Once an amplifier with sufficient flat gain bandwidth has been designed, amplification of a 640 Gbit/s signal consisting of pulses as short as 620 fs is investigated in this section. The amplification performance for the 640 Gbit/s RZ-DPSK signal is studied at different gain levels in order to investigate the effect of gain shaping in the saturated regime.
4.1. Effect of gain shaping
The output spectra of the FOPA for different signal input power levels are shown in Fig. 3(a). The maximum gain is achieved for the signal with −10 dBm average input power and is about 15 dB (net gain measured between the FOPA input and output, as defined in Fig. 1). The average output power and signal gain, measured in a 14 nm spectral window, are shown as a function of the average signal input power in the inset of Fig. 3(b). The signal gain is decreased by 1.7 dB by increasing the signal input power up to +6 dBm.
To investigate the effect of the gain shaping on the amplified signal, the difference between the input spectrum to the FOPA and the amplified spectrum was examined within the FWHM range of the input signal spectrum (i.e. 6.5 nm) for different signal input powers, as shown in Fig. 3(c). The extracted peak-to-peak deviation of this power difference (i.e. power difference between the input and the amplified spectrum within the FWHM range of the input signal) is represented in Fig. 3(d). As the signal input power increases and the gain spectrum becomes flatter, the peak-to-peak deviation consequently decreases, resulting in reduced spectral shaping. The notable point here is the clear spectral shaping of the amplified signal for input signal powers above −2 dBm, while the signal gain (calculated based on the average input and output powers) does not show significant saturation at this power. At this power, the effect of the localized saturation of the FOPA gain does not result in a gain drop for the signal average power but does significantly alter the shape of the gain spectrum. It appears that, at a signal power of about −2 dBm, it is possible to achieve both high average gain and a flat gain spectrum for this FOPA configuration.
4.2. Bit-error-ratio performance
Figure 4(a) shows the results of bit-error-ratio (BER) measurements as a function of the average received power at the input of the demultiplexer for the 10 Gbit/s demultiplexed signal. The back-to-back curve was measured when the pump was off and the input signal power to the HNLF was set to +5 dBm. The receiver sensitivities at a BER of 10−9 of all the 64 demultiplexed channels are shown in Fig. 4(b). Sensitivities for all the channels are spread within ∼ 2 dB. The rest of the measurements are performed for channel number 2 with −17.1 dBm back-to-back sensitivity. Amplification with 15 dB net gain and less than 1 dB power penalty compared to back-to-back is successfully achieved for Ps = −10 dBm. The performance of the system is even closer to the back-to-back case when the signal input power is increased, reaching about 0.1 dB penalty for Ps = +6 dBm. In fact, the signal is more affected by the intensity noise transfer from the pump in the unsaturated gain regime. Increase of the signal input power to the FOPA reduces the pump-to-signal noise transfer and flattens the gain spectrum, as shown above, resulting in better signal performance at the expense of 1.7 dB of signal gain. The eye diagrams of the 10 Gbit/s demultiplexed and demodulated signals at a BER of 10−9 are also shown in Fig. 4(c) for back-to-back and amplified signals with 15 dB and 13.3 dB gain, corresponding to Ps = −10 dBm and +6 dBm, respectively.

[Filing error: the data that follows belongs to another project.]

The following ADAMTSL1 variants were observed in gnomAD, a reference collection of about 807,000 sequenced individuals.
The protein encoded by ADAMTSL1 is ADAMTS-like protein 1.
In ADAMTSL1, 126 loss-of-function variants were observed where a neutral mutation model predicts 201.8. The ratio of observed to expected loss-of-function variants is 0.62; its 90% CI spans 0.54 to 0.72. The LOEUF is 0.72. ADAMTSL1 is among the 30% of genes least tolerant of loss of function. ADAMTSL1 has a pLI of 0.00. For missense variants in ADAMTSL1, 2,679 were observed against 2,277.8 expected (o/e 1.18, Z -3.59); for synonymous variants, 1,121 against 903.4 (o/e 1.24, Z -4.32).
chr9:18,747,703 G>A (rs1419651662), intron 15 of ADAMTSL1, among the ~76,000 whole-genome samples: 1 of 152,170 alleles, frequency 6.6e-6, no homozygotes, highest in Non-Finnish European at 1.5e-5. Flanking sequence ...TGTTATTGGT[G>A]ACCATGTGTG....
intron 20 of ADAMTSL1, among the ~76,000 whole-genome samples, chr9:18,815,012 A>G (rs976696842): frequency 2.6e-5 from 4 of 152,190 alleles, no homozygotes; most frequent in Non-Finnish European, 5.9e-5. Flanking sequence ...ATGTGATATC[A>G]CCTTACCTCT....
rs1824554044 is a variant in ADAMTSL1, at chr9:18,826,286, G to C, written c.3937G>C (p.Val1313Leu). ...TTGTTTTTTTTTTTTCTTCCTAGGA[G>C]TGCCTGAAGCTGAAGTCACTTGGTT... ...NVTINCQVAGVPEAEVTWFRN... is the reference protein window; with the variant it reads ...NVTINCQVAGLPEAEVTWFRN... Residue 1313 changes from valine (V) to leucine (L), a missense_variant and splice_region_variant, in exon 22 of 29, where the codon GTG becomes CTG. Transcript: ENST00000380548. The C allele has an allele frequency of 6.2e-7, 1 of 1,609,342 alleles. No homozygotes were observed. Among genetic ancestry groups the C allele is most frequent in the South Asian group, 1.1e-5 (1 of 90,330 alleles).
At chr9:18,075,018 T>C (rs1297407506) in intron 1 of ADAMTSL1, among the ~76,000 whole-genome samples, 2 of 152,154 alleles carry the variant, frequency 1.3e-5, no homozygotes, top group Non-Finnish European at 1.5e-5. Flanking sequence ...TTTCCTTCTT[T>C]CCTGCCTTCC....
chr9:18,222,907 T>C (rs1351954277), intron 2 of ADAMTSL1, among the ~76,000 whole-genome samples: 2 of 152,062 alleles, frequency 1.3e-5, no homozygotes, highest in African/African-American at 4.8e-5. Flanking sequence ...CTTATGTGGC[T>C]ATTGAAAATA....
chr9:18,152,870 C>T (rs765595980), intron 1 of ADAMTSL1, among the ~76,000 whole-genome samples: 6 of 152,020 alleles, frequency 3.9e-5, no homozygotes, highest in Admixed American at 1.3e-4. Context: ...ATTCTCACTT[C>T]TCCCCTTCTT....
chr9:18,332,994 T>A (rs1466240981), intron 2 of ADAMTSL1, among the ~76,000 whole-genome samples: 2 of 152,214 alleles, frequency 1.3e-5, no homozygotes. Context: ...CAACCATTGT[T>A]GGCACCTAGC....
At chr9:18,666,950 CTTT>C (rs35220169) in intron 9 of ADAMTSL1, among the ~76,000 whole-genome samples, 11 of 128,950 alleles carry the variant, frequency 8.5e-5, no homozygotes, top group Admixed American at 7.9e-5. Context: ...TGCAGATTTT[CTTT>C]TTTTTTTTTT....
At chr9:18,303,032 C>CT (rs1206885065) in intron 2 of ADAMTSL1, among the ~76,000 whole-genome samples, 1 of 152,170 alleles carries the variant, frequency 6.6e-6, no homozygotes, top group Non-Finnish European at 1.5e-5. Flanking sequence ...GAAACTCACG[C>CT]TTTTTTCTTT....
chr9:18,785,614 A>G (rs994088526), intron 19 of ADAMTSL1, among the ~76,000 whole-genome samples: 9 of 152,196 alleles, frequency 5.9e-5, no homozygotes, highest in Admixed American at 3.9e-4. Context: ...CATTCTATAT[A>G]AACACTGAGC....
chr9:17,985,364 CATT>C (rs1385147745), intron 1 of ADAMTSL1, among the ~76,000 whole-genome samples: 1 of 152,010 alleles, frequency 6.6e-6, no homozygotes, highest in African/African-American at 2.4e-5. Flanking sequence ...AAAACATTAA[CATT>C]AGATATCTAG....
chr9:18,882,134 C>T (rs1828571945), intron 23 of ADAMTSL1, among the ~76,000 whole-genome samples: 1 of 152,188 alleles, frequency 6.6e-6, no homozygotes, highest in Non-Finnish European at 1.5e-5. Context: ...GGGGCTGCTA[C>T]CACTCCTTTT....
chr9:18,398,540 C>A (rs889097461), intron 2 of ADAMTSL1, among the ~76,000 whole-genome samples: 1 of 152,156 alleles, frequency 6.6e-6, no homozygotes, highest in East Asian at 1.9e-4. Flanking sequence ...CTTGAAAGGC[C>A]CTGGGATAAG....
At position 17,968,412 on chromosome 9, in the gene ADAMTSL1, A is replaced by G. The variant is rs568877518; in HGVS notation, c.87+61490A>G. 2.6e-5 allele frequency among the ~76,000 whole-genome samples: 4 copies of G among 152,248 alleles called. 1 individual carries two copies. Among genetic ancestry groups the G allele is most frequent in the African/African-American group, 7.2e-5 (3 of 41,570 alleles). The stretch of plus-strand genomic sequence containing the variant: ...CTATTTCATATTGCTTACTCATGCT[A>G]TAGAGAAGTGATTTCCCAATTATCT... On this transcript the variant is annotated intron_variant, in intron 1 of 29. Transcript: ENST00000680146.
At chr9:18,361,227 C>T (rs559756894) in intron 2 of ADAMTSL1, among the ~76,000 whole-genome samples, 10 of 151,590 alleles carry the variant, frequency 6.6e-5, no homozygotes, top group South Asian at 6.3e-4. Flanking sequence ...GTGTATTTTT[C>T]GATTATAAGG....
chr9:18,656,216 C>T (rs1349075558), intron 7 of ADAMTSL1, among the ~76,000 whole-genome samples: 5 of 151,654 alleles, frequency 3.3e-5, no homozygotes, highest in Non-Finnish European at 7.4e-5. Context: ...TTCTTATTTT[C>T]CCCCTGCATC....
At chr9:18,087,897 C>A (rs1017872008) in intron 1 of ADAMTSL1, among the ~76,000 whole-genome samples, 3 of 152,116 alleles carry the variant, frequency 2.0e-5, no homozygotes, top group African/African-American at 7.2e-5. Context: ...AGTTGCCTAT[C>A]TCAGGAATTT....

5. Regeneration of a 640 Gbit/s RZ-DPSK signal
In a transmission link, amplitude noise can be converted to nonlinear phase noise through the Kerr non-linearity of the transmission fibers (self-phase and cross-phase modulations), which adversely affects the phase information of the signal . Therefore, PPAR of phase encoded signals can mitigate the accumulation of nonlinear phase noise along the link. The effectiveness of phase-preserving amplitude regenerators for DPSK signals is proved by placing the regenerator either before some transmission spans [13, 19, 20] or before the receiver [9, 10, 21–23]. In the first case, amplitude regeneration prevents the conversion of amplitude noise to phase noise during transmission. On the other hand, when PPAR is located at the receiver, the effect of the amplitude regeneration is actually verified through the reduction of the amplitude noise on the output current of the balanced receiver . In this section, PPAR based on the latter scheme is demonstrated for the first time for a 640 Gbit/s RZ-DPSK signal using a single-pump FOPA.